destroyed their home and a state campground and permanently
changed the face of Johnson’s Shut-ins State Park.
The scour channel also holds rocks from at least three other
geological eras as well as a 530-million-year-old beach near
the top of the mountain.
"We have 900 million years of the Earth’s history
right here," said Cheryl Seeger, geologist for the Missouri
Department of Natural Resources.
use radiometric dating to determine the age of rocks, said
Joe Gillman, DNR division director. "That is
a technique that is based on naturally occurring radioactive
isotopes in the rock," he explained. "We know what the half-life
of radioactive isotopes is. We can age-date the rock based
on how much of the radioactive isotope has decayed over time."
The discovery has drawn attention from geologists around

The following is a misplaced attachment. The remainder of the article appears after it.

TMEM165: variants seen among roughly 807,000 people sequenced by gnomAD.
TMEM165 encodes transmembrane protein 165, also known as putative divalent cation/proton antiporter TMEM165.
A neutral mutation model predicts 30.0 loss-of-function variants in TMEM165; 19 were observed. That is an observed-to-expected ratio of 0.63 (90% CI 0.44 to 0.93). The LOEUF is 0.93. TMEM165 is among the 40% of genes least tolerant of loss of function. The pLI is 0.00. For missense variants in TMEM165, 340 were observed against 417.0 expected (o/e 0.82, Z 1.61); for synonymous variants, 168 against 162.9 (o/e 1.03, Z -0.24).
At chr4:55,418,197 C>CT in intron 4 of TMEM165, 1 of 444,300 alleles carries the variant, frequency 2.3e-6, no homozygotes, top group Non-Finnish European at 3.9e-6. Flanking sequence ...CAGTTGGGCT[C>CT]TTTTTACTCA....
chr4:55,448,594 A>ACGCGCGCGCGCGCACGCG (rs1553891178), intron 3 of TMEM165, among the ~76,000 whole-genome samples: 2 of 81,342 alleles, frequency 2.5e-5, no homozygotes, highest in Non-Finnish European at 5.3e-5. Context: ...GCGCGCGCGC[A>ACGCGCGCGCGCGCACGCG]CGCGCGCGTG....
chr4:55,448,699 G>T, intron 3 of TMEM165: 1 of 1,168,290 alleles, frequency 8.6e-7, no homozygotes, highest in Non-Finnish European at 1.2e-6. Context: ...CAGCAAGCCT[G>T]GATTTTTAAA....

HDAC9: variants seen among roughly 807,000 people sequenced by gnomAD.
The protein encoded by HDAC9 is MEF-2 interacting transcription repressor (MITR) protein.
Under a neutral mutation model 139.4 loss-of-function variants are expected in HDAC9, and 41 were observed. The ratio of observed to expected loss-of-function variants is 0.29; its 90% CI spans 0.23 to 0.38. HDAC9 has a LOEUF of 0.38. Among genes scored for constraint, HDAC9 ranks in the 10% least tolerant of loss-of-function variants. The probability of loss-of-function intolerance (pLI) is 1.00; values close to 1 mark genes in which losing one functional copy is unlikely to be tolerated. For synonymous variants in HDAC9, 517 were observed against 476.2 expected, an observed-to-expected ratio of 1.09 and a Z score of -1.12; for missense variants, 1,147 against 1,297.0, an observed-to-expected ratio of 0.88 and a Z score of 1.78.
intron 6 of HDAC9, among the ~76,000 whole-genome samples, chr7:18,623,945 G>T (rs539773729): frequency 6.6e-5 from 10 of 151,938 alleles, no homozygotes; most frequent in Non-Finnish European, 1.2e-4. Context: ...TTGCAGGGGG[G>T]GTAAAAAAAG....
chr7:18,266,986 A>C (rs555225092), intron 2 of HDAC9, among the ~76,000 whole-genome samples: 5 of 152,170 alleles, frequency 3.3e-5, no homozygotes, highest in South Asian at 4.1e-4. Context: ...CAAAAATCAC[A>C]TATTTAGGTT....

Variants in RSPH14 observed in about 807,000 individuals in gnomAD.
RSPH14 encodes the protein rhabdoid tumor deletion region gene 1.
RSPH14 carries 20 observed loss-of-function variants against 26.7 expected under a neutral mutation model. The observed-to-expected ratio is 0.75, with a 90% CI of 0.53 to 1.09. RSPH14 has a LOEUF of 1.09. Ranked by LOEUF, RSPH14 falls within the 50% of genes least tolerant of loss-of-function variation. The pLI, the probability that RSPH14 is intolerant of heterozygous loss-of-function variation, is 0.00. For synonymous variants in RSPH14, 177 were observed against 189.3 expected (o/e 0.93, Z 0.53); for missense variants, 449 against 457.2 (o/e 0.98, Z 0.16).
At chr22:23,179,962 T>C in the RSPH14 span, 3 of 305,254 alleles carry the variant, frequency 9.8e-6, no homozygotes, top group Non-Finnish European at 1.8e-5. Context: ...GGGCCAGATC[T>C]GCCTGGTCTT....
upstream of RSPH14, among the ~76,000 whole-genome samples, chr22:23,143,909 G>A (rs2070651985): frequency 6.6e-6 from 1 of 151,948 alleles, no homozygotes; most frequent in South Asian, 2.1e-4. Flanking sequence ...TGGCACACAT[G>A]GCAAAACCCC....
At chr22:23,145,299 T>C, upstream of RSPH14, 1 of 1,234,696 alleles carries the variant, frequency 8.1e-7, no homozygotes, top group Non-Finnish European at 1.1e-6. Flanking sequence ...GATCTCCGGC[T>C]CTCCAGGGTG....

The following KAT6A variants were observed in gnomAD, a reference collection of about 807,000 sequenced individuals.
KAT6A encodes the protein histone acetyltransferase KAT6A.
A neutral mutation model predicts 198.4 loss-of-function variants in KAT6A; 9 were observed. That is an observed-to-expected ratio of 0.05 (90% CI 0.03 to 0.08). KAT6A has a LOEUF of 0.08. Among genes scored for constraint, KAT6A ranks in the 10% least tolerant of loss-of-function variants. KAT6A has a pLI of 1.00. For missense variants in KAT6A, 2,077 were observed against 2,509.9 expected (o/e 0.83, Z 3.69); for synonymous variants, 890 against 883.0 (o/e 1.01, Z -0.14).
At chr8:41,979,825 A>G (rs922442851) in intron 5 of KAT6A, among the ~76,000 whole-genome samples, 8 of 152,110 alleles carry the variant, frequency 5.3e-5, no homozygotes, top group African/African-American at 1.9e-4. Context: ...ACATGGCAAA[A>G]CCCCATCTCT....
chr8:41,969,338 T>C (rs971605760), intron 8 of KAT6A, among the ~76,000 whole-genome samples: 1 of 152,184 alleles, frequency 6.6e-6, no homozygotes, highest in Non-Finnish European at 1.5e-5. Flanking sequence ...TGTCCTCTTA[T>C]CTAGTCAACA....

the world who are hoping to get a close look at the scour
channel. The upper half is owned by Ameren. DNR hopes to
make its half of the channel available to the public next
Safety concerns are one reason the scour channel is off-limits.
Parts of the rock-strewn channel are treacherous to walk
reason is the educational value, especially to geologists. "It’s
a major area of interest," Seeger said. "We’re uncovering
an ancient mountain range."
It was a cloudy, rainy summer morning when Seeger arrived
to escort a reporter and Parks Department employees Rose
Pollard, Pamela Kugel-Rolls and Hannah Memhardt on a tour
of the scour channel.
The bottom of the channel slopes almost imperceptibly at
first, then steadily rises until mid-channel, where the slope
sharply steepens. Small rocks lay across the lower stretch,
but the rocks grow larger and cover the channel as the trail
begins to climb.
"The water came down the steeper slope very fast, and when